I run the TireMinder TPMS system, but when I do need to fill I learned how to get the sensors off the still-stock valve stems relatively easily so I can fill. I park the MH so the passenger side outside dual stem (which faces inward) is at the 8:00 position as you look at it. Drivers side is 4:00; the idea is towards the rear of the coach whichever side you are working on. Then I lay down on the cement drive and can easily get my hand between the tires and spin the sensor off. Then I check pressure and add air through the wheel hole with my extended chuck. Reach back in between duals to reinstall sensor.

Now the inner tire's stem faces out, but it is recessed behind the outer wheel. My trick is a 12" piece of 3/4" rubber heater hose. I can put it trough the wheel hole and slip it over the TPMS sensor and unscrew the sensor. The sensor comes off stuck in the end of the heater hose. Fill/check the air as needed, stick the sensor back in the end of the heater hose and reinstall the sensor, being careful it threads on straight. 30 seconds to get them off/on now. Again, my chuck easily reaches the inner tire stem. Now if you don't have TPMS and just have stock valve caps, Goodyear uses a piece of fuel hose to slip over the cap and get it off. That is where I robbed the hose idea for the TPMS sensors! They said there are even purpose-built tools to reach in there, but the hose is cheap and readily available.

Sorry I was long-winded and did not give you a specific extension solution. And maybe in motorhome service extensions would be fine, since our annual accumulated mileage is far less than a semi tractor or trailer such as the Goodyear store sees every day. But I figured out they wouldn't work easily for me. Breaking off one stem was enough!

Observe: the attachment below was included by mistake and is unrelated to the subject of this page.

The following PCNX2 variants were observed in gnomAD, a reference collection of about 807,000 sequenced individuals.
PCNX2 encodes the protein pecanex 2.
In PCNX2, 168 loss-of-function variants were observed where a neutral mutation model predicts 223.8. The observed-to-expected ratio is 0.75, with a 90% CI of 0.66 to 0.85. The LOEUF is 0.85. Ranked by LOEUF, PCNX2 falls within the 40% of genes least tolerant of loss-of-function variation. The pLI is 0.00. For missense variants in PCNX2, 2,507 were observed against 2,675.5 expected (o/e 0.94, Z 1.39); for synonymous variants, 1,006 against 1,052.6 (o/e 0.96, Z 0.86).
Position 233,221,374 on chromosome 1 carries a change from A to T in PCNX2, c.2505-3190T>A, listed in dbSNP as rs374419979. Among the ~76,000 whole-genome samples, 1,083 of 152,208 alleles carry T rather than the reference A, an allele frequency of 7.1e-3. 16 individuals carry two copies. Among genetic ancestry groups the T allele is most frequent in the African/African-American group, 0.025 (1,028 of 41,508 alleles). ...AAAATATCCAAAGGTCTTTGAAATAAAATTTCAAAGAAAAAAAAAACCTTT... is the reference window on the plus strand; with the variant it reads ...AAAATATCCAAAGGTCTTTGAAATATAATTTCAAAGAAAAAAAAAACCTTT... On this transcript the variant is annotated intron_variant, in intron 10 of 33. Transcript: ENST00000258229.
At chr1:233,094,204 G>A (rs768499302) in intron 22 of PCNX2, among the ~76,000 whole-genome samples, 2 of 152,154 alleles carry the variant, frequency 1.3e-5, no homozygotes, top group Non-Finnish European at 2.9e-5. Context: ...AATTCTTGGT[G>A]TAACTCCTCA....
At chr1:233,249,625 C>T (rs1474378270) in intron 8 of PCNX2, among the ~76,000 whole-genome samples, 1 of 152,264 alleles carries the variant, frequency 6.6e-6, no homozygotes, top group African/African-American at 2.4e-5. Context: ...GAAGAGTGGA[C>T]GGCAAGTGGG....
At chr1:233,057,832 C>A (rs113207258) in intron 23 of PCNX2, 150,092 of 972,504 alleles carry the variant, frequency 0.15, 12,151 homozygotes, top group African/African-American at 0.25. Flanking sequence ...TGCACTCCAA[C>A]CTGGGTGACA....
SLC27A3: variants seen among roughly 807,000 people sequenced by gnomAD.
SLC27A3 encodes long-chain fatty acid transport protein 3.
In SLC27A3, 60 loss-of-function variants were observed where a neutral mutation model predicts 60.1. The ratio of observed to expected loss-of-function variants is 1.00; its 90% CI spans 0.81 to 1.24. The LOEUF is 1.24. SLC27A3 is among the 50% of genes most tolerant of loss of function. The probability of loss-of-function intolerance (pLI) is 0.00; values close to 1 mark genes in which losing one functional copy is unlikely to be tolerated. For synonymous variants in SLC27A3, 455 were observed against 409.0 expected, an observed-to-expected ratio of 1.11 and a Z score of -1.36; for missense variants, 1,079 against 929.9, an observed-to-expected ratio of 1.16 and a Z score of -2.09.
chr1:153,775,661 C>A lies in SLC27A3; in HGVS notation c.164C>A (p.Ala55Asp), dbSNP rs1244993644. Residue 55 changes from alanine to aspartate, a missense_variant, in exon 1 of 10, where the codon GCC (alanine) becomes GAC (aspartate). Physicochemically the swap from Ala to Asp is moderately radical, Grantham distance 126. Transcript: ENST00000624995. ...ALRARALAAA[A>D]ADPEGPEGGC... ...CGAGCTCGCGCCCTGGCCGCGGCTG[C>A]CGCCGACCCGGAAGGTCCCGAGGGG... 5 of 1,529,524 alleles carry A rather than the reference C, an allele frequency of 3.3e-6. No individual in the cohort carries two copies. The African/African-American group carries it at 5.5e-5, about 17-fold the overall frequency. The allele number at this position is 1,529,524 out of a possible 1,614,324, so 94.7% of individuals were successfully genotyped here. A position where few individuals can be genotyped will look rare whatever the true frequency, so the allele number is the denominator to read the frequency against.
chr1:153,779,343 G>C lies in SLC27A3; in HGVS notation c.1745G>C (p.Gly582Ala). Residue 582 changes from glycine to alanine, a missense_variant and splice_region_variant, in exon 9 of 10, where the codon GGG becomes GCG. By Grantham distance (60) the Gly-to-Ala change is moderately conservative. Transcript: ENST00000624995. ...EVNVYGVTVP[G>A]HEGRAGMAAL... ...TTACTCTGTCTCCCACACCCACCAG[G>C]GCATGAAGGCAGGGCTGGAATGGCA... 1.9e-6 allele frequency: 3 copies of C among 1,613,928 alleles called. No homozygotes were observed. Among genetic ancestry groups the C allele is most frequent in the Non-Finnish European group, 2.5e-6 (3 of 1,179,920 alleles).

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Old 08-18-2016, 07:55 PM   #4
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Boy this site is great! I have a TPMS from my old class c and I've not put them on the Seneca because it looks difficult and just haven't had time to sit down and figure out a solution. Robbbyr you the man! What pressures do you set for max on your rig?
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Old 08-18-2016, 09:19 PM   #5
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Quote:
Originally Posted by Mountain Cajun View Post
What pressures do you set for max on your rig?
I was running about 90 psi in each tire, have 13K on it now and tire wear is negligible. I am leaving next week for New England and am planning to drop the pressure to 80 psi all around and assess the handling and watch the tire wear carefully.

Our tires have a 110 psi maximum and at that pressure the load capacity is crazy high! My tires came inflated at that from Jayco and the ride home from the dealer (200 miles) with empty coach was harsh. Dropped the pressure (to 90) and loaded it up and it was so much nicer. So now we will see what 80 psi feels like. According to Michelin it is still more than I need for the axle weights I have.